Originating in Ghana, Adinkra symbols are now related, in general, to the Ashanti people. There are hundreds of these signs, which were originally printed on the cloth that was used in sacred ceremonies and rituals, funerals in particular. “Adinkra” means “goodbye.”
The patterns are created using a block printing method. The symbols are cut into a calabash gourd, and then stamped onto the cloth in ink or paint.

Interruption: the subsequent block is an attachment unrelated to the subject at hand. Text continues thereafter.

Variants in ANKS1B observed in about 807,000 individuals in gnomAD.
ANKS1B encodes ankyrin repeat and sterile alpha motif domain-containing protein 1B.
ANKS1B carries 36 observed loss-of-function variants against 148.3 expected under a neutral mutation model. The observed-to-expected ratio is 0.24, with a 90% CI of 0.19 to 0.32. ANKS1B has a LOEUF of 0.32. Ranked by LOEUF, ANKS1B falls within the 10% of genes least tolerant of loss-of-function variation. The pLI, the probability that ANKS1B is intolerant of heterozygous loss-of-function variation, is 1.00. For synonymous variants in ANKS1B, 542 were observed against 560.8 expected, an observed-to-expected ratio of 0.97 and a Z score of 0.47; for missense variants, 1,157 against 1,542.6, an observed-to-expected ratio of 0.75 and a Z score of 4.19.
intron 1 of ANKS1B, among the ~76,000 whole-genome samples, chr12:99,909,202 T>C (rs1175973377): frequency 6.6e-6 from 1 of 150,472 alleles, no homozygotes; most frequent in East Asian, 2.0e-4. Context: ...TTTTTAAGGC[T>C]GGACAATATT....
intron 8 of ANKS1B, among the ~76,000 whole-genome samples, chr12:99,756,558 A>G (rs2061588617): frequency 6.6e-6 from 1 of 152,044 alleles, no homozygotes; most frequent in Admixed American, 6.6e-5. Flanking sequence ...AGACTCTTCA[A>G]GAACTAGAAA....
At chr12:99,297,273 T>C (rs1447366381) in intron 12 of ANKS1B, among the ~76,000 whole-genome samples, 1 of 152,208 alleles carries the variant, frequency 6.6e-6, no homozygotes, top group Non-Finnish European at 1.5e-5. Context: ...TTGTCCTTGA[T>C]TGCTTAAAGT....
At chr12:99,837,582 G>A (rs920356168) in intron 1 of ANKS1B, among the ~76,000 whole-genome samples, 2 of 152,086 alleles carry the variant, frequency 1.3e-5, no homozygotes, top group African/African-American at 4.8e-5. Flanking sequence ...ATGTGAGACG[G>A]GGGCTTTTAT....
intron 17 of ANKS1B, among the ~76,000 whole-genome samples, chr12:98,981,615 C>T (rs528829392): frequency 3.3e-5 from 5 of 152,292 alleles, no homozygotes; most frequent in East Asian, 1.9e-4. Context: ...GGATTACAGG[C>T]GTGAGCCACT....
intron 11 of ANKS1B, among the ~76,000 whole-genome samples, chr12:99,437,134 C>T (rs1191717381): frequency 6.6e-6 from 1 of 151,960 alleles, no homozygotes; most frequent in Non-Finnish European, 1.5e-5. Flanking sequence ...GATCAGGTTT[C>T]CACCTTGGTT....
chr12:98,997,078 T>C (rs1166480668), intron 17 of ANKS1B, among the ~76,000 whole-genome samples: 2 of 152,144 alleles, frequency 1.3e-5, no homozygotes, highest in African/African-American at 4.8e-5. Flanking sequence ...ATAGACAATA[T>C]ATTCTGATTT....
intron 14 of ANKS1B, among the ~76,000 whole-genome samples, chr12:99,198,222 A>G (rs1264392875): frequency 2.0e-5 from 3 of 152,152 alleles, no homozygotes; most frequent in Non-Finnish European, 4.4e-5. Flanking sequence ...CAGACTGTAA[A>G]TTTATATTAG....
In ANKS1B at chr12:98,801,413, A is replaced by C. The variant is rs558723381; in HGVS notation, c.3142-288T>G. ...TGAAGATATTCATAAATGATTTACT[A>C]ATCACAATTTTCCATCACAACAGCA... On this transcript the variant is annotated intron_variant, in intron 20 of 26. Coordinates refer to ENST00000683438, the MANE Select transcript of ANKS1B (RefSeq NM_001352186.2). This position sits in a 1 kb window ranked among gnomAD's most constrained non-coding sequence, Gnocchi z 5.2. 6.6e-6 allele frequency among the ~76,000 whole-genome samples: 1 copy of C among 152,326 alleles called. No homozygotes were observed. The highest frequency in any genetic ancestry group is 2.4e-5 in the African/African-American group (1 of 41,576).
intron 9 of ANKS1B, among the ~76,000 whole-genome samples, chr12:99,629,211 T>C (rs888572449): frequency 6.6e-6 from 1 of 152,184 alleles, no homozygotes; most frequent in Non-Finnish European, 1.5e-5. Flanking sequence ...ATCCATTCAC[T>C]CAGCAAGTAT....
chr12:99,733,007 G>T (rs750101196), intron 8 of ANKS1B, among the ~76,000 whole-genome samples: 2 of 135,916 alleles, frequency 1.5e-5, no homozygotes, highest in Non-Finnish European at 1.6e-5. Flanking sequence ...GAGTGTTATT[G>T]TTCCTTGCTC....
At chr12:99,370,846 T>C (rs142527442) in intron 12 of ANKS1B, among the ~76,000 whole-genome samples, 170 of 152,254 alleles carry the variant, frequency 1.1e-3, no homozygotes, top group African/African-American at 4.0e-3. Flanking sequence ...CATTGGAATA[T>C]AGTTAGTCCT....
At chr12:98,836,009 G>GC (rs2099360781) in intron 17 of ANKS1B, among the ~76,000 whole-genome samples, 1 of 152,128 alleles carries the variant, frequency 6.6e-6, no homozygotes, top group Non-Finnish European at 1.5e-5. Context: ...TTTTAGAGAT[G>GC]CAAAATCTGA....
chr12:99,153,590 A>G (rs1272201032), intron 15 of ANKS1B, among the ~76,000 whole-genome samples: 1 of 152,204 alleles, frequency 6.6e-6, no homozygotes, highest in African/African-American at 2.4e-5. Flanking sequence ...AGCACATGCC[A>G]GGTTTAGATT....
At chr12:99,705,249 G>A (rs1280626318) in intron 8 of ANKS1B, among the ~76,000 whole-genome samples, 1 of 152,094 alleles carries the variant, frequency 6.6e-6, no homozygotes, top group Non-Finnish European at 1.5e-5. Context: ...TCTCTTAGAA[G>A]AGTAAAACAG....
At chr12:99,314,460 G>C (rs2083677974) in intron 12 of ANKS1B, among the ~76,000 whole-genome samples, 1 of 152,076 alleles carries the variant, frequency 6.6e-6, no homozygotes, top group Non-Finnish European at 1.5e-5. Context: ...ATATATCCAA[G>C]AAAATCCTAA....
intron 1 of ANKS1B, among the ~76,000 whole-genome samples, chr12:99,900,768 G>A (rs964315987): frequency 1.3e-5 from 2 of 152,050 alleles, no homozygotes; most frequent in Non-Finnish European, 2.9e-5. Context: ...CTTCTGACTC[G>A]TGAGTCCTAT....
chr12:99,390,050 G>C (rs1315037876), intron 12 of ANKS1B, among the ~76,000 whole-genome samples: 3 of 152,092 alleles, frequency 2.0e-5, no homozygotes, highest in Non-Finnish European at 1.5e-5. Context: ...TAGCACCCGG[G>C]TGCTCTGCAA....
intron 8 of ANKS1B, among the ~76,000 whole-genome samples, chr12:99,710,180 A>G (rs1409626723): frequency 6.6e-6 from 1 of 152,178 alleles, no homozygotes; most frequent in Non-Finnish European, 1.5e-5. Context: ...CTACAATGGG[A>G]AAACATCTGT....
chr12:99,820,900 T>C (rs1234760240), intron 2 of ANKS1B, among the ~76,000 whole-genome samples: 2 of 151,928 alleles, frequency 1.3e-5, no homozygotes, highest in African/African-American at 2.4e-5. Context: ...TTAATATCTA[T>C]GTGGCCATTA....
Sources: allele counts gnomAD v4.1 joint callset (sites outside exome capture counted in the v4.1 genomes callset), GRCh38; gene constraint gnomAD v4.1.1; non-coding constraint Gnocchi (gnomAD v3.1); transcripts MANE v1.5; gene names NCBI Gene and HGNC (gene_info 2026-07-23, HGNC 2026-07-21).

The language of Adinkra is rich and varied, embracing philosophical concepts and sociological ideas as well as straightforward words. The symbols take their influence from plants, animals, the landscape, and the natural world, as well as manmade objects. There is a vast Adinkra vocabulary, with complex meanings attached to what might appear, at first glance, to be simple little doodles.